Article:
Let Salmon brings you home!

You would probably have heard of salmon as ‘sentimental’ because they eventually swim to their natal location to reproduce and give birth to their young. This romanticised salmon, however in reality, salmon swims home for a few reasons. How do they trace their way home? When do they know when to travel?

Salmon is the common for several species of fish. The scientific name of the family is Salmonidae. The family includes pink, chinhook, coho and many more. They belong to a special type of family as they practise migration before spawning.

As mentioned in the book ‘The Behavior and Ecology of Pacific Salmon and Trout’ , author Thomas P. Quinn said that salmon diverge at some point when they are about to travel back to their home river. Even when they are mixed with other species, they are able to sense the environmental changes taking place ( temperature of the water and food available) around them and every fish react differently. Not only that, they do converge later before entering the natal river.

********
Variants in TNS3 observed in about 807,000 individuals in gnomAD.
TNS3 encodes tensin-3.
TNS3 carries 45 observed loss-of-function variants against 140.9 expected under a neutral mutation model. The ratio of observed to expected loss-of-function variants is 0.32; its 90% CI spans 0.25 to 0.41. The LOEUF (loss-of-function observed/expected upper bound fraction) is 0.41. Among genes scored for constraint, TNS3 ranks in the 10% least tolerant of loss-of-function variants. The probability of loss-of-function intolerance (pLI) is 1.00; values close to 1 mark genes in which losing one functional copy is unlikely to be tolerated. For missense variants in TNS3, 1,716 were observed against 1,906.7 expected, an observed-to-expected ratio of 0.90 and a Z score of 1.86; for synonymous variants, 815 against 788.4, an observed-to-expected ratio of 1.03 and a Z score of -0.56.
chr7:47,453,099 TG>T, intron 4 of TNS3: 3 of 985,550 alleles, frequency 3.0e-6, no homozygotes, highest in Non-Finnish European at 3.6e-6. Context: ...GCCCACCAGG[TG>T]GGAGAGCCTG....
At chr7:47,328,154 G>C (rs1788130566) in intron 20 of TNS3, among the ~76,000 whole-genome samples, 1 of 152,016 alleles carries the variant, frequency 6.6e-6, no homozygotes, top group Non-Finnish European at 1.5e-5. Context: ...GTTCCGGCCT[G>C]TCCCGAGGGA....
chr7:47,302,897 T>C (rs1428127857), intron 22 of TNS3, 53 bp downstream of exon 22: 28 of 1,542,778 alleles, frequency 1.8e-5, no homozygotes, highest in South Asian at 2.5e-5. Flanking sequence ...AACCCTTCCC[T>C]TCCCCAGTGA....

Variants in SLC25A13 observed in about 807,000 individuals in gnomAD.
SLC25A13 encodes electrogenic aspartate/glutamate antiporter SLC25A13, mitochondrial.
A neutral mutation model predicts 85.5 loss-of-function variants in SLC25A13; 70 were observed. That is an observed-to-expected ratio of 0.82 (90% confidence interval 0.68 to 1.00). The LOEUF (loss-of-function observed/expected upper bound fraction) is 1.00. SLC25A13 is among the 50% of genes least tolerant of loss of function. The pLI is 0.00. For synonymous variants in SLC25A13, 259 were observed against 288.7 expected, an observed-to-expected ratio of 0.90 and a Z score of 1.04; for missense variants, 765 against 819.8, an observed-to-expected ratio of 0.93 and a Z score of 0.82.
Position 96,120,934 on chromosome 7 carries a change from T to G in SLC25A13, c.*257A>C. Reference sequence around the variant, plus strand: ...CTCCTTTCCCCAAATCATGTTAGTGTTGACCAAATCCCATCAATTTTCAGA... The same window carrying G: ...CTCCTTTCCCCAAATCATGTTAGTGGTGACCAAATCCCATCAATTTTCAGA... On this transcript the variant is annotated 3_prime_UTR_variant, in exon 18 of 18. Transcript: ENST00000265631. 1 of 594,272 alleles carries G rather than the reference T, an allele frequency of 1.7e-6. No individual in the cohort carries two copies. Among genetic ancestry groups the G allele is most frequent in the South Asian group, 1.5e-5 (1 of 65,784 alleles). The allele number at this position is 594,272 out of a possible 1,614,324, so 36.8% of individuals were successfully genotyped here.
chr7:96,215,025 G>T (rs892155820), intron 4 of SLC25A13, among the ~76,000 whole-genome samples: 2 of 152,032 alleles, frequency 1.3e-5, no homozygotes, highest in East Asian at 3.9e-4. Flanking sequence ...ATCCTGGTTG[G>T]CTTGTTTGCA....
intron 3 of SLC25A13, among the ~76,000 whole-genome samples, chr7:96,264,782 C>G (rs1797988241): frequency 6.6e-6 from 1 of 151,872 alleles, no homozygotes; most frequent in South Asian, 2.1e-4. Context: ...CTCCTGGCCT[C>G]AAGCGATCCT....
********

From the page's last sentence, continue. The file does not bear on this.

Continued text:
One amazing thing is that they must control their travel rate so that no excess energy is loss. A salmon of 60 cm length is reported to be able to swim 2.16 km/h if it swims in a straight line.  The distance traveled would not seem short when taking into consideration that salmon is constantly swimming upwards. It is likely to face danger from predators as it uses much energy in swimming upstream. Not only that, salmon’s survival rate is also facing danger from environmental desturction arising from human construction of dams.

No matter how much danger or effort it takes, salmon still has the genetic factor which entice it to go home.

 

Reference:

‘The Behavior and Ecology of Pacific Salmon and Trout’ By Thomas P. Quinn. Published by University of Washington Press, 2005. Google book. ( accessed on 8 April)

‘ Do dams make a difference? Similar Survival Rates For Pacific Salmon in Fraser And Columbia Rivers. By ScienceDaily ( Oct 30, 2008) URL: http://www.sciencedaily.com/releases/2008/10/081028074430.htm ( accessed on 8 April)

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